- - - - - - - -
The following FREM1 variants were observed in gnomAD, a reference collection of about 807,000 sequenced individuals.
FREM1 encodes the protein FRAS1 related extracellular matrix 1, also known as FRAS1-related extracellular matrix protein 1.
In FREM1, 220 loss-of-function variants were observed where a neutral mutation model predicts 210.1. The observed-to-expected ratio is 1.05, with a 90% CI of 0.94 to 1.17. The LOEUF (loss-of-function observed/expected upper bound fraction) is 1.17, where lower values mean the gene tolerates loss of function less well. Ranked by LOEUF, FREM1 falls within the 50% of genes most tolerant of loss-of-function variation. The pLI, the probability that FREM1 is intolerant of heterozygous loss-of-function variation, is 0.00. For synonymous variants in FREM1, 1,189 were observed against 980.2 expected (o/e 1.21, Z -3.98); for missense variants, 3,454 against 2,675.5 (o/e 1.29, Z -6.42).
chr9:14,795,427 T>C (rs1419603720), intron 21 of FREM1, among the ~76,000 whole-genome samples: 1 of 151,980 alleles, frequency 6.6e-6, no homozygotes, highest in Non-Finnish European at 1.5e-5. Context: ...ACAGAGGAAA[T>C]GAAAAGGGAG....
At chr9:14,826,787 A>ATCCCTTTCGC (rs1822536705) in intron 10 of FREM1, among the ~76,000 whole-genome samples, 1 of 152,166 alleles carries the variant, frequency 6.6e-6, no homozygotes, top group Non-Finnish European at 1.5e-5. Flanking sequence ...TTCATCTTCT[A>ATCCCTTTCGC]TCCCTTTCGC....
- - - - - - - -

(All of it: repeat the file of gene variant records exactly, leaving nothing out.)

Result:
The following FREM1 variants were observed in gnomAD, a reference collection of about 807,000 sequenced individuals.
FREM1 encodes the protein FRAS1 related extracellular matrix 1, also known as FRAS1-related extracellular matrix protein 1.
In FREM1, 220 loss-of-function variants were observed where a neutral mutation model predicts 210.1. The observed-to-expected ratio is 1.05, with a 90% CI of 0.94 to 1.17. The LOEUF (loss-of-function observed/expected upper bound fraction) is 1.17, where lower values mean the gene tolerates loss of function less well. Ranked by LOEUF, FREM1 falls within the 50% of genes most tolerant of loss-of-function variation. The pLI, the probability that FREM1 is intolerant of heterozygous loss-of-function variation, is 0.00. For synonymous variants in FREM1, 1,189 were observed against 980.2 expected (o/e 1.21, Z -3.98); for missense variants, 3,454 against 2,675.5 (o/e 1.29, Z -6.42).
chr9:14,795,427 T>C (rs1419603720), intron 21 of FREM1, among the ~76,000 whole-genome samples: 1 of 151,980 alleles, frequency 6.6e-6, no homozygotes, highest in Non-Finnish European at 1.5e-5. Context: ...ACAGAGGAAA[T>C]GAAAAGGGAG....
At chr9:14,826,787 A>ATCCCTTTCGC (rs1822536705) in intron 10 of FREM1, among the ~76,000 whole-genome samples, 1 of 152,166 alleles carries the variant, frequency 6.6e-6, no homozygotes, top group Non-Finnish European at 1.5e-5. Flanking sequence ...TTCATCTTCT[A>ATCCCTTTCGC]TCCCTTTCGC....